The data-driven policy actions that the Fed says it uses to steer economic growth and price stability perfectly fit the metaphor of visual navigation.
Coming from mere financial market practitioners, this statement would have no particular resonance. But when it comes from distinguished economic scholars, one is intrigued about what they really make of economics and monetary theory.
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Let me explain. If you say that you will begin raising interest rates when you start seeing rising inflation pressures, you don't need any particular training in the field of economics. As a famous French lawyer once snapped at me, all you need is a bit more than a general level of education (my sloppy translation of the elegant French: "culture générale améliorée).
If you think that is too harsh and foolhardy, think of what Milton Friedman, the father of modern monetarism, a Nobel laureate in economics and a social philosopher had to say about the Fed's policies. Essentially, his message was this: Since we don't know where the economy is at any point in time, stop destabilizing economic activity with inappropriate policy moves.
Taking that as a postulate, Friedman then advocated an economic policy based on what became known as the "monetary rule." He said that the Fed should set one of the monetary aggregates - his preference was for M2 - to grow at a constant rate that would, over the medium term, deliver economic growth and price stability.
Don't blame the Fed: 'Animal spirits' did it
The Fed tried this, some would say half-heartedly, by targeting the quantity of money between October 1979 and October 1982, and the whole world had breathless Thursdays when the vagaries of the U.S. money supply (measured by M1) would hit the airwaves. Needless to say, the practice was abandoned allegedly because - contrary to Friedman's findings - money supply fluctuations were seen as being unrelated to economic conditions.
Whatever the truth, the Fed was back in charge with its data-driven interest rate targeting whose grave blunders in the run-up to the last financial crisis are now blamed by its former leadership on, among other things, uncontrollable "animal spirits" - an egregious pleonasm that betrays unflattering views of people's intelligence.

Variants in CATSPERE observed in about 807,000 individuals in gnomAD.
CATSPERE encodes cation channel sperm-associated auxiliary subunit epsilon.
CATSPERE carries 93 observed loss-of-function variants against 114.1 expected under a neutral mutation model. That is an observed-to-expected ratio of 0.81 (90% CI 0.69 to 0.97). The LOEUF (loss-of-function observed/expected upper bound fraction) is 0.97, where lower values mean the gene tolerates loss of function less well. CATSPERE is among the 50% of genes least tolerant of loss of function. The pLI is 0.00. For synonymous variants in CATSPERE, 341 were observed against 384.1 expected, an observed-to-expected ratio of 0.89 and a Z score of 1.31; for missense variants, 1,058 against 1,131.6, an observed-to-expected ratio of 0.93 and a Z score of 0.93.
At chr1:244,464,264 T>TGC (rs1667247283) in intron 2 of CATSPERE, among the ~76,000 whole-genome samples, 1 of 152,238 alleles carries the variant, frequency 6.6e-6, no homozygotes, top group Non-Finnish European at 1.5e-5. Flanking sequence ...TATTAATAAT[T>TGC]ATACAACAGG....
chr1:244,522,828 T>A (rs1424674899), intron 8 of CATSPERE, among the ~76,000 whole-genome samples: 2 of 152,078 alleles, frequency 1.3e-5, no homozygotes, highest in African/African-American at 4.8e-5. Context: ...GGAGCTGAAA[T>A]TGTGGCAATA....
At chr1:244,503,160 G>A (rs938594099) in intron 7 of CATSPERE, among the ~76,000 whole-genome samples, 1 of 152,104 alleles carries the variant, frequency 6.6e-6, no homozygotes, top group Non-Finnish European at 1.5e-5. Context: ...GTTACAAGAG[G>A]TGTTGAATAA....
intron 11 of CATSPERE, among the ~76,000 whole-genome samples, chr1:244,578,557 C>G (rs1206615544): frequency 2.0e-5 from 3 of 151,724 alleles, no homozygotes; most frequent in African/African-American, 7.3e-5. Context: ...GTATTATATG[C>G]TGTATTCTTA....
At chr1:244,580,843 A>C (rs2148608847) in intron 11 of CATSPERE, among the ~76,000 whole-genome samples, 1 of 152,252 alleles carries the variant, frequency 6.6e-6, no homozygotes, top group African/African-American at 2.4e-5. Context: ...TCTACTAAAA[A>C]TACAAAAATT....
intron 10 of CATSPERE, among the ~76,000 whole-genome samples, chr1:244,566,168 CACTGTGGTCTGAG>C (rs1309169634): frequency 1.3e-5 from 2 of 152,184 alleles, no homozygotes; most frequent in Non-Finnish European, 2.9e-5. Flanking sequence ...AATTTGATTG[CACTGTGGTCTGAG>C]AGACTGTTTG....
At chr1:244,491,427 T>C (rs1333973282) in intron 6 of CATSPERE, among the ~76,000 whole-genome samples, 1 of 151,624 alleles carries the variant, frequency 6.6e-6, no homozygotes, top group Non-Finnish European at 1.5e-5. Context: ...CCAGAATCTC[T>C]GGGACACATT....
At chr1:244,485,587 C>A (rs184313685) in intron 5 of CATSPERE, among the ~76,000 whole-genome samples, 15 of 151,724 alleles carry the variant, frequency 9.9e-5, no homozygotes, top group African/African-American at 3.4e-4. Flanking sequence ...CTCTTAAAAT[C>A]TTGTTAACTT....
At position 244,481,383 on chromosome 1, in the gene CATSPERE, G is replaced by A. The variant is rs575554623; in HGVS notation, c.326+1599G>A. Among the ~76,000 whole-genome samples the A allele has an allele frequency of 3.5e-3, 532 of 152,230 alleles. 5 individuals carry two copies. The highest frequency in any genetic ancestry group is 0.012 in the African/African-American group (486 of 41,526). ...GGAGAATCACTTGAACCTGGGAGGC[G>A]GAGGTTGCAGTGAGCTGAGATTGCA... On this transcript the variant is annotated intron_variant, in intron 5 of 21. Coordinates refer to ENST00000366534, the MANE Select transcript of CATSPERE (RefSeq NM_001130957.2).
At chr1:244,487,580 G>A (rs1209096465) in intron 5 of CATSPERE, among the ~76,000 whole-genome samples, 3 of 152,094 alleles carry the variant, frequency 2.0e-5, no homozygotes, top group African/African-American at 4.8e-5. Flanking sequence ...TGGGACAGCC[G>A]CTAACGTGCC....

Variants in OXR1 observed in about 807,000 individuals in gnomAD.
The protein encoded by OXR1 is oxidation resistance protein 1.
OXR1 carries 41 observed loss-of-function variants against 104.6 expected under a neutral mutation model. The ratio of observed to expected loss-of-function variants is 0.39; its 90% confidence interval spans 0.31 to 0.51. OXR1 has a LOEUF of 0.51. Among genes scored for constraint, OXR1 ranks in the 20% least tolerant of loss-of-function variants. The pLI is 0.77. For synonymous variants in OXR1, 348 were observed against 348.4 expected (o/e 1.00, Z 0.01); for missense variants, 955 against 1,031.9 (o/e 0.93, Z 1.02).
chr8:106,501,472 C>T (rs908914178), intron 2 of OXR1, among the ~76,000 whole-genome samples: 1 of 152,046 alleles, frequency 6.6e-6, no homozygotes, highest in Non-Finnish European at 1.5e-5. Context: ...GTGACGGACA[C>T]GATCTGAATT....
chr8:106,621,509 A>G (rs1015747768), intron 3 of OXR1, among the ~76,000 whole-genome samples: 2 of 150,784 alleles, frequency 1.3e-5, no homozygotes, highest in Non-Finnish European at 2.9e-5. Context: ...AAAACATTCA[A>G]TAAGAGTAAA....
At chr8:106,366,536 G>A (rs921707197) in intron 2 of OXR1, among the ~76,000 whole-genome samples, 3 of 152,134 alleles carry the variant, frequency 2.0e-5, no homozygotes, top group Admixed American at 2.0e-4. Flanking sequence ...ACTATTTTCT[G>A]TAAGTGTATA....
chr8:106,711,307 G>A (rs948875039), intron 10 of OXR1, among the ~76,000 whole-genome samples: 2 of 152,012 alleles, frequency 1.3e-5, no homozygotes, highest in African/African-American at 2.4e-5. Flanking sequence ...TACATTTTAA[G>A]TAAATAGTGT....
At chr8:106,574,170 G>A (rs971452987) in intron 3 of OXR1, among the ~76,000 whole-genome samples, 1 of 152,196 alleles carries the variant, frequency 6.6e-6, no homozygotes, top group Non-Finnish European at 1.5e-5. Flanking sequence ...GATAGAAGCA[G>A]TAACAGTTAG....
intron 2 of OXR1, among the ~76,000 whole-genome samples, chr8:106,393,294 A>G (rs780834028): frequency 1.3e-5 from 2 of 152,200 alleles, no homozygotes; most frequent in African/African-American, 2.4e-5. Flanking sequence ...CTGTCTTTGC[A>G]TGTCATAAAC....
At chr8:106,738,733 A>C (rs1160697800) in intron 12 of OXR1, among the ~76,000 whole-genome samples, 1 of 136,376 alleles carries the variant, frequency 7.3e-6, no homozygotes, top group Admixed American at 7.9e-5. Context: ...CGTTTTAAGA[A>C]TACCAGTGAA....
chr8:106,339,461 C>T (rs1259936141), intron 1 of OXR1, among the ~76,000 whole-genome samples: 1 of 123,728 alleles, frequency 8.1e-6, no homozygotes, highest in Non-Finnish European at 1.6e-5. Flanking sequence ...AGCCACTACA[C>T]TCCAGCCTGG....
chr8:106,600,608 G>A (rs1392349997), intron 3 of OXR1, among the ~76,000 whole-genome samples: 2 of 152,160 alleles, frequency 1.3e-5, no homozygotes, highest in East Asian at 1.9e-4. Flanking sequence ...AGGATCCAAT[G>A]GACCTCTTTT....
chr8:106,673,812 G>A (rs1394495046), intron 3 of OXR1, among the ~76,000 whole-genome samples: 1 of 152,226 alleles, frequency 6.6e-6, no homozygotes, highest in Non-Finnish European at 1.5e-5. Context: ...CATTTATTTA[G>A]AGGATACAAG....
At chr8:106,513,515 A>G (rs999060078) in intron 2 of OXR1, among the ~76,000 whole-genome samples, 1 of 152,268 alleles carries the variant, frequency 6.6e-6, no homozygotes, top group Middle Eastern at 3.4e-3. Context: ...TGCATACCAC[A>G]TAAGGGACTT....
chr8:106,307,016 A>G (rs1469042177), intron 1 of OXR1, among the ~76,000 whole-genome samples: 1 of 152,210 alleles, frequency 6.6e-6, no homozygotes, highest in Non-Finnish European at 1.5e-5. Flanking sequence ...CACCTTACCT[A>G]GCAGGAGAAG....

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So, here we are in a situation where Fed leaders were discussing in the middle of last month the "marginal efficiency" of their monthly asset purchases as several indicators were taken to signal some firming of economic activity. And there was instant action: the expansion of the Fed's balance sheet in December was reduced to $32.9 billion from a monthly average of $100 billion in the previous three months.
One wonders whether the Fed leaders might now have second thoughts about such a sharp "tapering" in light of last week's rather discouraging employment numbers, and the ISM (Institute of Supply Management) index of the 90 percent of American economy hurtling toward the "bust line" of 50 since last August. Reserve movements in the weeks ahead will say something about that, and we may also hear Fed's dovish statements as bond traders continue to scream about an impending economic disaster.
Meanwhile, the picture of the U.S. labor markets emerging from last month's numbers should give some pause for thought - even though labor demand is a lagging indicator of whatever might be the current cyclical position of American economy. The huge decline of the unemployment rate to 6.7 percent, from 7 percent in November, was mainly the result of job seekers' continuing exit from the labor force. Indeed, the participation rate fell to 62.8 percent -- a number last seen during the stagflation of the late 1970s -- tracing out a steadily declining pattern from 63.6 percent over the previous twelve months.